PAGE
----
Last month, the City of Seattle’s Office of Civil Rights sent an email inviting “white City employees” to attend a training session on “Interrupting Internalized Racial Superiority and Whiteness,” a program designed to help white workers examine their “complicity in the system of white supremacy” and “interrupt racism in ways that are accountable to Black, Indigenous and People of Color.” Hoping to learn more, I submitted a public records request for all documentation related to the training. The results are disturbing.

At the beginning of the session, the trainers explain that white people have internalized a sense of racial superiority, which has made them unable to access their “humanity” and caused “harm and violence” to people of color. The trainers claim that “individualism,” “perfectionism,” “intellectualization,” and “objectivity” are all vestiges of this internalized racial oppression and must be abandoned in favor of social-justice principles. In conceptual terms, the city frames the discussion around the idea that black Americans are reducible to the essential quality of “blackness” and white Americans are reducible to the essential quality of “whiteness”—that is, the new metaphysics of good and evil.

It’s important to point out that this “interrupting whiteness” training is not an anomaly. In recent years, nearly every department of Seattle city government has been recruited into the ideological fight against “white supremacy.” As I have documented, the city’s homelessness agency hosted a conference on how to “decolonize [their] collective work”; the school system released a curriculum explaining that “math is a tool for oppression”; and the city-owned power company hired a team of bureaucrats to fight “structural racism” within their organization. Dozens of private companies now offer diversity training to public agencies. The idea that all whites have unconscious, “implicit bias” that they must vigilantly program themselves to overcome has become an article of faith across corporate boardrooms, academia, and law-enforcement agencies, even though the premise is unscientific and impossible to verify.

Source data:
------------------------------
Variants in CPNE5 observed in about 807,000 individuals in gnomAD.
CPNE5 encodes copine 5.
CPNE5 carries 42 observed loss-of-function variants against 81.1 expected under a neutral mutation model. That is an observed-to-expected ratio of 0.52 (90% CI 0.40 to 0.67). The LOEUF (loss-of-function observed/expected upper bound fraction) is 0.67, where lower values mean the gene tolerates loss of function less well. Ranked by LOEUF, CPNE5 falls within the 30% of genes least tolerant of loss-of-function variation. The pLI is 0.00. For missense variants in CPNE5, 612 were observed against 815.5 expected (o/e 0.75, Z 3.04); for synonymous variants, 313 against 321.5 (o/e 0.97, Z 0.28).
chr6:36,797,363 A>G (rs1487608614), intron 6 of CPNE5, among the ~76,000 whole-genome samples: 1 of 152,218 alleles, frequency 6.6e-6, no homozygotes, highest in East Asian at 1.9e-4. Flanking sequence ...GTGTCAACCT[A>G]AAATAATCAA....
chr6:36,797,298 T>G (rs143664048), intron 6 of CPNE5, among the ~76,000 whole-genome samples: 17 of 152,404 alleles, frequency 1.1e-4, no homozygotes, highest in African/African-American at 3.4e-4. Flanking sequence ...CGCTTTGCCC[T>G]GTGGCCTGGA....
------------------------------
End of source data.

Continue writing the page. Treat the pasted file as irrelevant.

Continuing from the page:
https://www.city-journal.org/seattle-interrupting-whiteness-training

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Academia in the US continues to push for more control of offensive thought, statements, or studies, and to mandate anti-racism training for students. Here is one at Princeton.

“Acknowledge, credit, and incentivize anti-racist student activism. Such acknowledgment should, at a minimum, take the form of reparative action, beginning with a formal public University apology to the members of the Black Justice League and their allies.” The Black Justice League, which was active on campus from 2014 until 2016, was a small local terrorist organization that made life miserable for the many (including the many black students) who did not agree with its members’ demands. Recently I watched an “Instagram Live” of one of its alumni leaders, who—emboldened by recent events and egged on by over 200 supporters who were baying for blood—presided over what was effectively a Struggle Session against one of his former classmates. It was one of the most evil things I have ever witnessed, and I do not say this lightly.

“Constitute a committee composed entirely of faculty that would oversee the investigation and discipline of racist behaviors, incidents, research, and publication on the part of faculty… Guidelines on what counts as racist behavior, incidents, research, and publication will be authored by a faculty committee for incorporation into the [usual] set of rules and procedures.” This scares me more than anything else: For colleagues to police one another’s research and publications in this way would be outrageous. Let me be clear: Racist slurs and clear and documentable bias against someone because of skin color are reprehensible and should lead to disciplinary action, for which there is already a process. But is there anyone who doesn’t believe that this committee would be a star chamber with a low bar for cancellation, punishment, suspension, even dismissal?

https://quillette.com/2020/07/08/a-declaration-of-independence-by-a-princeton-professor/

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3 minutes ago, Argus said: